Don't Expect 5G Deals, Orange Tells Usual Suppliers

Orange Deputy CEO Gervais Pellissier has warned Ericsson, Huawei and Nokia they should not expect to mop up the 5G contracts when it starts rolling out the next-generation mobile technology.

Speaking at a press event in London earlier today, Pellissier said Orange (NYSE: FTE) was trying to be as active as possible in the development of 5G standards partly to prevent existing suppliers from becoming too powerful.

"If we aren't then we will more and more be obliged to choose one supplier solution," he told reporters and analysts. "We need to keep freedom vis-à-vis suppliers and introduce new ones with 5G ideas. I'm not sure we will order 100% of 5G infrastructure needs from existing suppliers."

The warning comes as operators start making plans for the rollout of 5G services following progress on the standardization of 5G new radio services at the end of last year. (See 5G Is Official: First 3GPP Specs Approved.)

Ericsson AB (Nasdaq: ERIC), Huawei Technologies Co. Ltd. and Nokia Corp. (NYSE: NOK), the world's three biggest mobile network suppliers, have witnessed a slowdown in business as operators have reduced spending in the wake of 4G rollout. Their hope is that 5G will trigger a new wave of equipment investment. (See Has the 5G Upturn Begun?)

But as networks become increasingly software-based and "virtualized," service providers such as Orange are scouting for alternatives to the equipment oligopoly.

In June last year, Orange began offering support to several network startups whose software-based offerings could provide such an alternative. Amarisoft, one of those startups, says its software can essentially turn a PC into a mobile basestation. (See Startup Could Replace Ericsson, Says Orange.)

At the time, Bertrand Rojat, the deputy vice president of Orange's Technocentre R&D unit, said it was entirely conceivable that Amarisoft, which then had just a handful of staff members, could in the future displace 110,000-employee-strong Ericsson on a national scale.

That one of Orange's C-suite executives is now hinting at a similar upheaval is hugely significant as operators start to think about 5G deployment.

And his remarks were echoed by Laurent Paillassot, the CEO of Orange Spain, during a conversation with Light Reading on the sidelines of the Orange event.

"This [virtualization] is breaking the model of Ericsson and Huawei and ZTE," said Pellissier. "We don't want to become prisoners of them and they still want to have specialized boxes."

With extreme virtualization, operators should, in theory, be able to run network functions as software programs on commodity servers, instead of using the dedicated "black boxes" they have typically bought from their main suppliers.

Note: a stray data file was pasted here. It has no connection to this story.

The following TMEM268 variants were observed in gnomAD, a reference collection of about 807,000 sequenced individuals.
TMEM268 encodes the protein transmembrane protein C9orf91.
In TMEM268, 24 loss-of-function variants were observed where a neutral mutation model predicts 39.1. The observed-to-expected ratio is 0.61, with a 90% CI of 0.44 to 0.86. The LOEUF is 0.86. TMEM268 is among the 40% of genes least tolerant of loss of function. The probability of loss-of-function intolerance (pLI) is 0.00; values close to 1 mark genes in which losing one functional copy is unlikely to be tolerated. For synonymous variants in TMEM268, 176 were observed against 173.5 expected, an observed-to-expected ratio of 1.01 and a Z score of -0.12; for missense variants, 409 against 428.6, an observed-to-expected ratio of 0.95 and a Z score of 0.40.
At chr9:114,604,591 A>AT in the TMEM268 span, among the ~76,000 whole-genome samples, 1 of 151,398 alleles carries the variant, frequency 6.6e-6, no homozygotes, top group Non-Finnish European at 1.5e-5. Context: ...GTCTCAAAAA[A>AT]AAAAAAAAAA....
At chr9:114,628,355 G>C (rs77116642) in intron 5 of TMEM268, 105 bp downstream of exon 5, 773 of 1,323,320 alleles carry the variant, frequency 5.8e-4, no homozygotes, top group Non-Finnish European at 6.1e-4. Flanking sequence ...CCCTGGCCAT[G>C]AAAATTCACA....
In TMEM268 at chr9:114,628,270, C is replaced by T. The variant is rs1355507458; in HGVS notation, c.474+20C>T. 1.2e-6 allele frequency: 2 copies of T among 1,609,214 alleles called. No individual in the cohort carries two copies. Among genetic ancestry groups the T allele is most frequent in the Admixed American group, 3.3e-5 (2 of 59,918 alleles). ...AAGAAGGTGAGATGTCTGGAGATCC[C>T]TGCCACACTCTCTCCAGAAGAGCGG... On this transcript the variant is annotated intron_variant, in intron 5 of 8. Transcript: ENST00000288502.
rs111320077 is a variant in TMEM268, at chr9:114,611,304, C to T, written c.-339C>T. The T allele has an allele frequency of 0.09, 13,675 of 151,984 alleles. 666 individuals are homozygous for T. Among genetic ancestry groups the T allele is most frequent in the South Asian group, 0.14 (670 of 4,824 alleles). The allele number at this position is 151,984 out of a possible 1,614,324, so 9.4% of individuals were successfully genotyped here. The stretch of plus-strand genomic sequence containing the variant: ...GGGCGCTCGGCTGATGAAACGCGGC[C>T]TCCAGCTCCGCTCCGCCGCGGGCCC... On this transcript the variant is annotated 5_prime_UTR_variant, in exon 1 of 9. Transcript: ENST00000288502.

Executives including Pellissier and Paillassot say this will allow them to reduce costs and work with a broader ecosystem of vendors.

Paillassot also played down any prospect of heavy spending on 5G in the next few years. While operators in the US and parts of Asia are already plotting nationwide rollouts, the Orange executive sees little immediate need for the technology in either a smartphone or broadband setting.

"5G remains for us: What is the business case and where is it needed?" he said. "Spain has good coverage on 4G and very good on FTTH [fiber-to-the-home] and 5G cannot be a way to offer more coverage."

His current expectation is for some kind of launch in 2020 aimed at the enterprise market rather than the residential sector. "There remains huge potential to capture capacity for the next seven or eight years with 4G," he said.

Want to know more about 5G? Check out our dedicated 5G content channel here on
Light Reading.

In December, Orange said capital expenditure would peak this year at about €7.4 billion ($9.2 billion) across the group, up from around €7.2 billion ($9 billion) in 2017, before starting to decline in 2019. (See Orange Capex to Peak at €7.4B in 2018.)

Other European operators similarly believe that 5G will have greater relevance for business customers than residential ones. With its low-latency capabilities, the technology could be used, for instance, to support connected car and remote healthcare offerings in the coming years.

European interest in 5G seems quite different from that in the US and Asia, where operators see the technology as both a substitute for fixed broadband and a way of delivering more advanced smartphone services.

Pellissier said another reason for taking such an active role in 5G standardization efforts was to "ensure we have things that are valuable for Europe and not just designed for China and the US."

— Iain Morris, News Editor, Light Reading

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